I’ve been reading Hideo Kojima’s The Creative Gene lately, because not only do I love this man’s video games, I love the brain of the guy that makes them. There’s a particular spark to his games and a love of storytelling that’s downright infectious, so a collection of essays about pieces of media that he likes is a joy to read. In it he discusses everything from classic science fiction to Agatha Christie (in the Socratic method, no less) to the I Spy series of books. It’s great, and I’m not saying it’s like reading his own version of this blog, but, I kinda am.
Anyway, owing to it being by Kojima, many of the books referenced are by Japanese authors. And only some of them are translated; too often the little blurb at the end of the essay about the novel reads “As of this writing, it has not been translated into English.” Which is a bummer, because some of the books sound like great reads. Hoshiyadori no Koe sounds like a great read, but I won’t be able to read it because I don’t read Japanese.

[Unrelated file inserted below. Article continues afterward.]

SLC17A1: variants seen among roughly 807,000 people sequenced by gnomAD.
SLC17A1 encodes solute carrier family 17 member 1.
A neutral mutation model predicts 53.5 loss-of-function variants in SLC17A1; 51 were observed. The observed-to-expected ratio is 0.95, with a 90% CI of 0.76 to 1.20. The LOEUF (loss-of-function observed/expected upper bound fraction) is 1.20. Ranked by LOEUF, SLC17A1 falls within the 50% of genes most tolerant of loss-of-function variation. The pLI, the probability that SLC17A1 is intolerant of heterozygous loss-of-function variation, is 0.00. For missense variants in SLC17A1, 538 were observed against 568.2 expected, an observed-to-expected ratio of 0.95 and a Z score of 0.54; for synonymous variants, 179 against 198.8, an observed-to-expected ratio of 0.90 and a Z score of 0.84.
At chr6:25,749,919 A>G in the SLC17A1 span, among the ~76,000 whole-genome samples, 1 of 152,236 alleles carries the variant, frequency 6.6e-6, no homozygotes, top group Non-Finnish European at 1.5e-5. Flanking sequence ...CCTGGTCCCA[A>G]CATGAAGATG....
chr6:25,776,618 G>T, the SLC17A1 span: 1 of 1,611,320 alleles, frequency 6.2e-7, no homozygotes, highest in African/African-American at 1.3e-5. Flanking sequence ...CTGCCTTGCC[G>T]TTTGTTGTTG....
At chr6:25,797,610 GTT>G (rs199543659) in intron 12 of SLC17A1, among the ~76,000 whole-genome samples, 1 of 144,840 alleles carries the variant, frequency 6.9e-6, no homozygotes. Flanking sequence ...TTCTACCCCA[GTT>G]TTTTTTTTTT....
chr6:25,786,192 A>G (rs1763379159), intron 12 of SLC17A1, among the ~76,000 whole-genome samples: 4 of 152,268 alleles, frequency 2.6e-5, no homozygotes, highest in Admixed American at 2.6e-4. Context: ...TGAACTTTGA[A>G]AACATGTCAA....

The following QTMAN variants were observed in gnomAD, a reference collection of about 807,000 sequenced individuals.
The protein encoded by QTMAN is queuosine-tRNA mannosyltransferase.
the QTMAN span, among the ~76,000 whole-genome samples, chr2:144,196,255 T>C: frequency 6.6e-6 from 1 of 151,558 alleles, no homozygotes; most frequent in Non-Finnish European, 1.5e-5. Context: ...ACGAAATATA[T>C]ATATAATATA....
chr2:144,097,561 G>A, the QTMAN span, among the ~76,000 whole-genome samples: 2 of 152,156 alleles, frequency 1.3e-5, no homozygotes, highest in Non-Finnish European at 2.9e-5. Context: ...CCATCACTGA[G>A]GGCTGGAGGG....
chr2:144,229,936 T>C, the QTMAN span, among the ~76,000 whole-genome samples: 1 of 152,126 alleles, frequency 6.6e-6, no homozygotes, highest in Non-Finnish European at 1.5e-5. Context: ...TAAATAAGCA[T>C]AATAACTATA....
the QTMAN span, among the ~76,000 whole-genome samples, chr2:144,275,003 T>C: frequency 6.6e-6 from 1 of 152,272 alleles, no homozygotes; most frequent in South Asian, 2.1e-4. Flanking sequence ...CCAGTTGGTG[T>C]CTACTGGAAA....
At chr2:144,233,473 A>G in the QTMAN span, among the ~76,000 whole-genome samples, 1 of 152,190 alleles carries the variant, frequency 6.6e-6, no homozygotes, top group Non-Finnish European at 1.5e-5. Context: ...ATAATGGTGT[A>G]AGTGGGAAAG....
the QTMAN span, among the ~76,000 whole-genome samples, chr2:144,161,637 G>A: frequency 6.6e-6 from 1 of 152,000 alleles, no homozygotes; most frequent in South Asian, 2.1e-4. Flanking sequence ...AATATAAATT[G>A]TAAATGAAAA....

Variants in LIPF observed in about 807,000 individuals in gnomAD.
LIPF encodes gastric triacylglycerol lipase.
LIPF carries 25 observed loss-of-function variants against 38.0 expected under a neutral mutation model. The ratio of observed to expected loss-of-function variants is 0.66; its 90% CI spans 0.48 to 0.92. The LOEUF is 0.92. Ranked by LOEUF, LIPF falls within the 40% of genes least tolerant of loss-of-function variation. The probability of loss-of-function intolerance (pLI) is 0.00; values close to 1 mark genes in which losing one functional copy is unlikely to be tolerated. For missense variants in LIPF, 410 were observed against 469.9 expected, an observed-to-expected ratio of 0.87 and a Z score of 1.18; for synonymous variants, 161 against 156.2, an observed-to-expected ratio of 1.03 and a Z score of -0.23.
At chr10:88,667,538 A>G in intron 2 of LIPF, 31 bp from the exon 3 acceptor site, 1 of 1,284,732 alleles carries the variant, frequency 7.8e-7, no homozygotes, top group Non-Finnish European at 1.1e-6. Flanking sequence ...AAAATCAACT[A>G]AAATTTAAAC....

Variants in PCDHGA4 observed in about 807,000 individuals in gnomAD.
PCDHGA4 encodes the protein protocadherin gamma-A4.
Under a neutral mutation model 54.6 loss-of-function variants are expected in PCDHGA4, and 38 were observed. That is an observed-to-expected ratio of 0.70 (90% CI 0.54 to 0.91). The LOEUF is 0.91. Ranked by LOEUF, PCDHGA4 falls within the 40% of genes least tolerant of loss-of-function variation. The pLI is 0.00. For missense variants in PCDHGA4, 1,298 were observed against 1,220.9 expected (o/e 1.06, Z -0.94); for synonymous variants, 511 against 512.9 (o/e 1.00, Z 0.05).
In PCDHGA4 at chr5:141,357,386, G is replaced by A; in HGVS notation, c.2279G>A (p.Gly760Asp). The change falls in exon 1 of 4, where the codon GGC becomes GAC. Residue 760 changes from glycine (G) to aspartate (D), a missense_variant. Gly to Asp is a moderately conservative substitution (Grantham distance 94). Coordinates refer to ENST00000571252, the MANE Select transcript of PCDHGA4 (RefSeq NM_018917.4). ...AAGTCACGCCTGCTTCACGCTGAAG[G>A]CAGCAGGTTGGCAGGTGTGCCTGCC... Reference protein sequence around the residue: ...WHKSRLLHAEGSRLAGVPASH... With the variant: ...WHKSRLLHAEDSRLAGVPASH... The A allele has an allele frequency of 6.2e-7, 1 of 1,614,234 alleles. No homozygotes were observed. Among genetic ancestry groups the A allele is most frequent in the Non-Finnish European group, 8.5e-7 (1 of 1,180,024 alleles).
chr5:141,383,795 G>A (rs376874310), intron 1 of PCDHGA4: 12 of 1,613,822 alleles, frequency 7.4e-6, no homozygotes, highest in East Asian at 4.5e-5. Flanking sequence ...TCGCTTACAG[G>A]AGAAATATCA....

That said, I know I’m lucky: English is my first language; I fluently speak what’s become the lingua-franca of the world, a lingua franca that’s only spread more with the proliferation of the internet. This means that most media in the world is accessible to me; movies are either in English or available with translation, online articles are in English, and the dankest of memes are in English. Me complaining about being unable to read one novel is a man in the ocean complaining that the water in his glass doesn’t have enough salt.
I still kinda wanna read that book.
I don’t have a neat answer to all this. Demanding Every Story Every be translated into Every Language Ever is silly, plus translation takes work, and getting the nuance right is a skill unto itself. Maybe instead of mourning a story that’s out of my reach, it’d be better to bask in the knowledge that there are so many stories out there told by so many people in so many stories. Maybe just celebrate that there are more stories than I could ever hope to consume, as evidenced by the novels lying in weight on my bedside table.
That, or, I dunno, learn Japanese.